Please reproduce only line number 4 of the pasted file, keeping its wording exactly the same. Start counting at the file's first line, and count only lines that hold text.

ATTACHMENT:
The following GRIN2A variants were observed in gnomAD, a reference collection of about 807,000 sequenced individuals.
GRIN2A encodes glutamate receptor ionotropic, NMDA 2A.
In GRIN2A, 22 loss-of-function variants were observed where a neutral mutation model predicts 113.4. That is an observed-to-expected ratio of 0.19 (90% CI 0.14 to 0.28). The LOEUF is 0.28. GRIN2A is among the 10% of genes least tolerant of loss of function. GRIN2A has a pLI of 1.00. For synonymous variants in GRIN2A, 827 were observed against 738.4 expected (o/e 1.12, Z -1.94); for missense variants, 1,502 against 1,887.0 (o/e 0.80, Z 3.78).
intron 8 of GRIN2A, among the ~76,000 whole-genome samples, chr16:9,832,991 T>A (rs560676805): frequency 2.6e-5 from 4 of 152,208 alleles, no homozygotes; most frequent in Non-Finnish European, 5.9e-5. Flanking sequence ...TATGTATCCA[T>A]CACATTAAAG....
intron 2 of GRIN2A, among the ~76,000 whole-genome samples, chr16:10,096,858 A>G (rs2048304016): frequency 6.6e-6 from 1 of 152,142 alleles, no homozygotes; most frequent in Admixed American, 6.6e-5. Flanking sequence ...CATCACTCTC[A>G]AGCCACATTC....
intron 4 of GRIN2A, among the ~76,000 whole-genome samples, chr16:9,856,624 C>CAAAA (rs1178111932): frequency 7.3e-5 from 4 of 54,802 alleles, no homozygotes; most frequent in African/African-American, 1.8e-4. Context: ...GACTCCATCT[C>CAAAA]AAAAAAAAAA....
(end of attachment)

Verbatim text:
intron 8 of GRIN2A, among the ~76,000 whole-genome samples, chr16:9,832,991 T>A (rs560676805): frequency 2.6e-5 from 4 of 152,208 alleles, no homozygotes; most frequent in Non-Finnish European, 5.9e-5. Flanking sequence ...TATGTATCCA[T>A]CACATTAAAG....